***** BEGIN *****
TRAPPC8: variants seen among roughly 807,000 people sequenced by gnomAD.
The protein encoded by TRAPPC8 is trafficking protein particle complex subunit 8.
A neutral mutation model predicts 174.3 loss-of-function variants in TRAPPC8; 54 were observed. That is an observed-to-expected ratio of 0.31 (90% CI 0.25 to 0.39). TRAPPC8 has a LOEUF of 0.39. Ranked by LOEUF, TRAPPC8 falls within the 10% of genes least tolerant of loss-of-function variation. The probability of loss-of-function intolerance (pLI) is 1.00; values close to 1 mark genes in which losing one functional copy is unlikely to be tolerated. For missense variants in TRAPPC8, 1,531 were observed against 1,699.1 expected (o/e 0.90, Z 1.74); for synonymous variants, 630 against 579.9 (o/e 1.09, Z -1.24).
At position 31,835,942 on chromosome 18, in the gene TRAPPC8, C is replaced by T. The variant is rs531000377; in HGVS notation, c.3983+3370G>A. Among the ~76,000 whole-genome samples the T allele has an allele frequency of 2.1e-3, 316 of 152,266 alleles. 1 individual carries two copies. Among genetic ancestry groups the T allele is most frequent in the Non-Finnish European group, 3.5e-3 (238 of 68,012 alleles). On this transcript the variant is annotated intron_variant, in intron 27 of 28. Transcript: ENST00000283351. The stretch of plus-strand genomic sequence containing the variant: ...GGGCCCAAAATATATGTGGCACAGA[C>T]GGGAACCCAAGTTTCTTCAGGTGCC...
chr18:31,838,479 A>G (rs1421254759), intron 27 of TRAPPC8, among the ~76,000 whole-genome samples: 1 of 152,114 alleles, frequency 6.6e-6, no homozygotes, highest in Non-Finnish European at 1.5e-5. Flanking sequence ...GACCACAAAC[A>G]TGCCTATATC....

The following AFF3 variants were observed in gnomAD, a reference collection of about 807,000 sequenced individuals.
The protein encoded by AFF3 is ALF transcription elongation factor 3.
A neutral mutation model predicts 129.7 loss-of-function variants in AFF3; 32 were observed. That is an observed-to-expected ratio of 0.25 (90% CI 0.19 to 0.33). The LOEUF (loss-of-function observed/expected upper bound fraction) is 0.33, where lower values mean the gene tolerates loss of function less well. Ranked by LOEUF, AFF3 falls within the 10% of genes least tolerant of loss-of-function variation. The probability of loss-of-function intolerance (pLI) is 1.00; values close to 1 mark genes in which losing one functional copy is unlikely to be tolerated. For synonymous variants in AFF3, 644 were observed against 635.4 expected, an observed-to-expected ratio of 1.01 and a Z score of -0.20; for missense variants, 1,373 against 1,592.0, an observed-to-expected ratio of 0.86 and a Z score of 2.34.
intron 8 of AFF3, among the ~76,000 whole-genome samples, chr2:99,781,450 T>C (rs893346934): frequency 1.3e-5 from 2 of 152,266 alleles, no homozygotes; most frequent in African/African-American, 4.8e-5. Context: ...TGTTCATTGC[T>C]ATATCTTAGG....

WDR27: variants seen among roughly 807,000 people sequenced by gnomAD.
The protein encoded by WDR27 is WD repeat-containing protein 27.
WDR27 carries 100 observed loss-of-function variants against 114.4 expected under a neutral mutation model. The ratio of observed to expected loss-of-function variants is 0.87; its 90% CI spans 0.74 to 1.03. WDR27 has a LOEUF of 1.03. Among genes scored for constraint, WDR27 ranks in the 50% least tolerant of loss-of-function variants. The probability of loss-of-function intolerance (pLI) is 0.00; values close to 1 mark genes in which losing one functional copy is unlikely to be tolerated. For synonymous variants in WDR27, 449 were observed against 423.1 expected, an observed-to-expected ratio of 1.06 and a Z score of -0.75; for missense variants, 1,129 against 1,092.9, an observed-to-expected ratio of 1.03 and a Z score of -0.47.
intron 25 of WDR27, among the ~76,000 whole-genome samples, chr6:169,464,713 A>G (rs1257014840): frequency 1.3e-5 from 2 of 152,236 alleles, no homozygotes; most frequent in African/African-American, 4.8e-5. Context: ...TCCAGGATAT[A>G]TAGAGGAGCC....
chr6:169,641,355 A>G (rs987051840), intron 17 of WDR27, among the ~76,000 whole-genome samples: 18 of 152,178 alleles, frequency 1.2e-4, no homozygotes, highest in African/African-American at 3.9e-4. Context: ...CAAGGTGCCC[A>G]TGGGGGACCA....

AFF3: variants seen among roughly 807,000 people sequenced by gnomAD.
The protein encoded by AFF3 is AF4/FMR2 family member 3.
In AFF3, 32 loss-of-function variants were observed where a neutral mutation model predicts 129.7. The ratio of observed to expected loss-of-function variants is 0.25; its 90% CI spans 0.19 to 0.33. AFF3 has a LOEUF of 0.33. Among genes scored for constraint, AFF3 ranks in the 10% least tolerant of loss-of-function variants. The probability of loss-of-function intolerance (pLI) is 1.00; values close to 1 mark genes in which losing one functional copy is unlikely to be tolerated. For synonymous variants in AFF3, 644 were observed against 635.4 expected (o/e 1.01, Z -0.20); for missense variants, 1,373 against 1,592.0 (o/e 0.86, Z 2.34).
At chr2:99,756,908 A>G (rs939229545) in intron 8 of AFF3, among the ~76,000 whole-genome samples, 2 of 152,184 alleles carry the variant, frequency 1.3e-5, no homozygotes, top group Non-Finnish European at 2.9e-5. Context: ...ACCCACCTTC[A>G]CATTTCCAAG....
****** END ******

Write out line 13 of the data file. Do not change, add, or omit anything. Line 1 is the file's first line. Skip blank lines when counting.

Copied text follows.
intron 25 of WDR27, among the ~76,000 whole-genome samples, chr6:169,464,713 A>G (rs1257014840): frequency 1.3e-5 from 2 of 152,236 alleles, no homozygotes; most frequent in African/African-American, 4.8e-5. Context: ...TCCAGGATAT[A>G]TAGAGGAGCC....